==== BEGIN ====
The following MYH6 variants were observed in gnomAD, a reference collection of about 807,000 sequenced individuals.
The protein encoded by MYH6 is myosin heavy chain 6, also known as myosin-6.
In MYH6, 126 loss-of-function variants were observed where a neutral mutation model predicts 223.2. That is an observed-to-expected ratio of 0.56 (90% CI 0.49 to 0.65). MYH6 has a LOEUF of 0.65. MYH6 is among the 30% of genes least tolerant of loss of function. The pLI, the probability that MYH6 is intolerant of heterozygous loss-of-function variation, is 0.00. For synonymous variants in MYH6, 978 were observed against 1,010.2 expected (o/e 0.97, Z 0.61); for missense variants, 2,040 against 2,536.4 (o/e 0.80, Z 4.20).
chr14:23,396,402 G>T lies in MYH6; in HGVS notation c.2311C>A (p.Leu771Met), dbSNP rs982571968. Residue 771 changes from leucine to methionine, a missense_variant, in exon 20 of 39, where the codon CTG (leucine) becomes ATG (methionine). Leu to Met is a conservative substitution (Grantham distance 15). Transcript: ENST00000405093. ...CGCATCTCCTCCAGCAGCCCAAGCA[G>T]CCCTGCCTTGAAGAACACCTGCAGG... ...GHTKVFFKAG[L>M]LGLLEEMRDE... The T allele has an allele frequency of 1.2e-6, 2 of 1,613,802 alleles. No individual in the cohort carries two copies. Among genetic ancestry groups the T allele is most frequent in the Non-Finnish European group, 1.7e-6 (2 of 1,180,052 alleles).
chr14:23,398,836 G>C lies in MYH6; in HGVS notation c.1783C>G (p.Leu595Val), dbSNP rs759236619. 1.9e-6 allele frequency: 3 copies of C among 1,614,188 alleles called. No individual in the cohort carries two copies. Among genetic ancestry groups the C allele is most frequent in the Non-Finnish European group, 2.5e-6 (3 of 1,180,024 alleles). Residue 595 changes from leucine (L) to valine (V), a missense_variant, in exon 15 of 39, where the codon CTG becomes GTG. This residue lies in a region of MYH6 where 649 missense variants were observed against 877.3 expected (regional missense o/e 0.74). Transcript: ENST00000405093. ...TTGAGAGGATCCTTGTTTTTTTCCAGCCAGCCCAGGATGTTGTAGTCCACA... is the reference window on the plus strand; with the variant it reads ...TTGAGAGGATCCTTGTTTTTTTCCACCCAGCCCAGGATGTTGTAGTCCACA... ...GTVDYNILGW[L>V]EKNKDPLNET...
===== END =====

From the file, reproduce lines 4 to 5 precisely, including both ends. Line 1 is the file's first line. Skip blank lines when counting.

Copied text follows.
chr14:23,396,402 G>T lies in MYH6; in HGVS notation c.2311C>A (p.Leu771Met), dbSNP rs982571968. Residue 771 changes from leucine to methionine, a missense_variant, in exon 20 of 39, where the codon CTG (leucine) becomes ATG (methionine). Leu to Met is a conservative substitution (Grantham distance 15). Transcript: ENST00000405093. ...CGCATCTCCTCCAGCAGCCCAAGCA[G>T]CCCTGCCTTGAAGAACACCTGCAGG... ...GHTKVFFKAG[L>M]LGLLEEMRDE... The T allele has an allele frequency of 1.2e-6, 2 of 1,613,802 alleles. No individual in the cohort carries two copies. Among genetic ancestry groups the T allele is most frequent in the Non-Finnish European group, 1.7e-6 (2 of 1,180,052 alleles).
chr14:23,398,836 G>C lies in MYH6; in HGVS notation c.1783C>G (p.Leu595Val), dbSNP rs759236619. 1.9e-6 allele frequency: 3 copies of C among 1,614,188 alleles called. No individual in the cohort carries two copies. Among genetic ancestry groups the C allele is most frequent in the Non-Finnish European group, 2.5e-6 (3 of 1,180,024 alleles). Residue 595 changes from leucine (L) to valine (V), a missense_variant, in exon 15 of 39, where the codon CTG becomes GTG. This residue lies in a region of MYH6 where 649 missense variants were observed against 877.3 expected (regional missense o/e 0.74). Transcript: ENST00000405093. ...TTGAGAGGATCCTTGTTTTTTTCCAGCCAGCCCAGGATGTTGTAGTCCACA... is the reference window on the plus strand; with the variant it reads ...TTGAGAGGATCCTTGTTTTTTTCCACCCAGCCCAGGATGTTGTAGTCCACA... ...GTVDYNILGW[L>V]EKNKDPLNET...